The Anaphora attributed to Antipope Hippolytus
a.k.a "The Egyptian Church Order"
There is a great deal of disagreement among scholars as to
the author and origin of the work from which this Anaphora or Eucharistic Prayer
is taken. Until the early twentieth century the source was called
"The Egyptian Chirch Order," and its author considered unknown,
perhaps a much later forgery. The work is in Greek, which was still in use for
the Roman Liturgy of the early third century. Around 1915 several European
scholars claimed to prove that it was the the work of the Antipope Hippolytus,
in Rome at the beginning of the third century, and called the "Apostolic
Tradition." Antipope Hippolytus, or pseudo-Hippolytus, has become a
favorite of the modernist liturgical "reformers" (Eucharistic
Prayer II, and the 1968 Rite of Episcopal Ordination draw heavily from this
source), so some caution is warranted. (Cf. Adrian Fortescue, The
Mass: A Study of the Roman Liturgy (Longmans, Green & Co., 1912;
reprinted Albany NY: Preserving Christian Publications, 1997), 37-38; and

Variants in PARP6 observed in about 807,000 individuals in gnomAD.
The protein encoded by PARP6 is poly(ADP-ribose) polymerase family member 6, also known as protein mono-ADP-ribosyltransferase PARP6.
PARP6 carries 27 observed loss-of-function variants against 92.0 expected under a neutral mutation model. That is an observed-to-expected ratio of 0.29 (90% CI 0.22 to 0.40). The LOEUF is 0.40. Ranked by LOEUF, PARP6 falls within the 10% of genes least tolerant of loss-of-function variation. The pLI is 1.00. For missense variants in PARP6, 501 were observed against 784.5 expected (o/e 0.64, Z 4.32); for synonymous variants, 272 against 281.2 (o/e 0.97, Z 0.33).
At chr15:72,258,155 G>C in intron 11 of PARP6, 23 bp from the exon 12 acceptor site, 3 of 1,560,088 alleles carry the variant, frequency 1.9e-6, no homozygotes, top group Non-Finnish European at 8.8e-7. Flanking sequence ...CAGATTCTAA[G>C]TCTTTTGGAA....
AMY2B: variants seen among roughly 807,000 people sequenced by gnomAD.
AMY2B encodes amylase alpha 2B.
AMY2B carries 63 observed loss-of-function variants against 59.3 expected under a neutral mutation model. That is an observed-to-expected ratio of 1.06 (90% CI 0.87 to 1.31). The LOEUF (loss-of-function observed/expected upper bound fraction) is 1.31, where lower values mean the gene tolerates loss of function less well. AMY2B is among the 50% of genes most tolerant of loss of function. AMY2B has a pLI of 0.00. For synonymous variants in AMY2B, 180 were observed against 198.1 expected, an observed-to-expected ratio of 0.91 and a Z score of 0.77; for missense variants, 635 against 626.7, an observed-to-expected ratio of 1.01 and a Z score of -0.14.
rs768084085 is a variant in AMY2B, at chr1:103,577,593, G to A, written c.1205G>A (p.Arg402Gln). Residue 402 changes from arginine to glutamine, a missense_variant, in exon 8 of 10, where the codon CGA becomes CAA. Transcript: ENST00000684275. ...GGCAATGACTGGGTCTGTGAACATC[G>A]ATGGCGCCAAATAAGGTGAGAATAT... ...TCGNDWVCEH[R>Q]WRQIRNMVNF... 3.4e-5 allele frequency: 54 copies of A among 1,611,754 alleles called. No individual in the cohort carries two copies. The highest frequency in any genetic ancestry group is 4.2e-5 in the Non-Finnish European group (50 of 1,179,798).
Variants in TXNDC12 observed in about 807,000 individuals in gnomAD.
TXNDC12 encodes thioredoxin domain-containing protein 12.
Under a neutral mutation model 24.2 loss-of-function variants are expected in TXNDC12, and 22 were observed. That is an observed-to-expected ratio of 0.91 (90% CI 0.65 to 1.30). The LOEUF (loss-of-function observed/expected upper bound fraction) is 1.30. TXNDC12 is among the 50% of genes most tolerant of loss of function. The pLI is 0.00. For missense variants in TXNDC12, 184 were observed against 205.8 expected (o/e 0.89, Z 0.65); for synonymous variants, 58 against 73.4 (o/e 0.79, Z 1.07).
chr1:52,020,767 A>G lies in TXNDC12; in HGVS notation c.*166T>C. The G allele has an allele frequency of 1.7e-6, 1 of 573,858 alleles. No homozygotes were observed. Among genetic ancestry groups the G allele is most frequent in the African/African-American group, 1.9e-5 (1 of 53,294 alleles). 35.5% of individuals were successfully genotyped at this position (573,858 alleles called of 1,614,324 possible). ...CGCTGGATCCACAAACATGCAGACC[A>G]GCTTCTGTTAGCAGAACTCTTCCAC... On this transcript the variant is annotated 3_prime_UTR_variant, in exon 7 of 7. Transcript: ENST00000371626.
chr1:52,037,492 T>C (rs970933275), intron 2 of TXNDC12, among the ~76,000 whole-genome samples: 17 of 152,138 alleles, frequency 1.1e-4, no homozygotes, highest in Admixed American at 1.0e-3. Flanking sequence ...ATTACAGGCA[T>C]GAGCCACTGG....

Joseph A. Jungmann, S.J., The Mass of the Roman Rite, (NY:
Benziger,1951), vol. I, 28 ff; and The Catholic
Encyclopedia, Vol. VII, s.v. "Hippolytus.";
and the Ecole Glossary, s.v. "Hippolytus.")
voluntatem tuam complens et populum sanctum tibi adquirens extendit manus
cum pateretur ut a passione liberaret eos qui in te crediderunt.
accomplished Thy will and, to acquire a holy people for Thee, He
stretched out His hands while He suffered to deliver from suffering those who
believe in Thee.
|Qui cum traderetur voluntariae
passioni, ut mortem solveret et vincula diaboli dirumperet et infernum
calcaret et iustos ad lucem duceret et terminum figeret et resurrectuionem
||Who when He gave Himself up willingly to suffering in order to destroy death, to
break the bonds of the devil, to tread hell under His feet, to lead the just to
His light, to establish His Covenant, and to manifest His Resurrection,
|accipiens panem gratias tibi agens
|| He took bread, and He gave Thee thanks and said:
|Accipite, manducate, hoc est
corpus meum quod pro vobis confringitur.
|| Take, eat, this is My Body
which is broken for you.
|Similiter et calicem dicens:
||Likewise with the chalice, He said:
|Hic est sanguis meus qui pro vobis
||This is My Blood which is poured out for
|Quando hoc facitis, in meam
commemorationem hoc facite
|| When you do this, do it in memory of Me.
The Latin text is from B. Botte, La tradition apostolique de saint
Hippolyte, Munster i, W., 1963, 11-17, as quoted in Cipriano Vaggini, The
Canon of the Mass and Liturgical Reform (Staten Island: Alba House, 1967),
p. 26-27. The original would have been in Greek. The layout here
approximates that of Fr. Vaggini, adding separation between phrases for clarity.